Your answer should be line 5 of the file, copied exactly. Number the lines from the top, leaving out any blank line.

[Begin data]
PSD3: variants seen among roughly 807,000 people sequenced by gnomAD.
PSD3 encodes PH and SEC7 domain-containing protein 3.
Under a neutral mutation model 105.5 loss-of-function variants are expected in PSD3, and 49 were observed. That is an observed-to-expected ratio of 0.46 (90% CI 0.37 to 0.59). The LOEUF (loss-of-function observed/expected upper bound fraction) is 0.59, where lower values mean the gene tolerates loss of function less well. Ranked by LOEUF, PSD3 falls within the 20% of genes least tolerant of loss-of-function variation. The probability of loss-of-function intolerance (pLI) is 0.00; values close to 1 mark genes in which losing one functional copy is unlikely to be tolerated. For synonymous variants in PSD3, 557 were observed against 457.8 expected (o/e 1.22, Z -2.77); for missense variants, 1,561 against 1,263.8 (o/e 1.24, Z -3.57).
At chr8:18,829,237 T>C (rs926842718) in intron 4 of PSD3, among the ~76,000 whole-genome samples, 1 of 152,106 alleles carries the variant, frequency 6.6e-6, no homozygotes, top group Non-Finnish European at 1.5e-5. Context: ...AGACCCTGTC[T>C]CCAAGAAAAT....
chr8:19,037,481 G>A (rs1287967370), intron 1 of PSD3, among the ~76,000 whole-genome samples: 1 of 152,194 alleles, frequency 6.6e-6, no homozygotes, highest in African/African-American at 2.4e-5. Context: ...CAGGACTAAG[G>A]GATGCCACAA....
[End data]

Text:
chr8:19,037,481 G>A (rs1287967370), intron 1 of PSD3, among the ~76,000 whole-genome samples: 1 of 152,194 alleles, frequency 6.6e-6, no homozygotes, highest in African/African-American at 2.4e-5. Context: ...CAGGACTAAG[G>A]GATGCCACAA....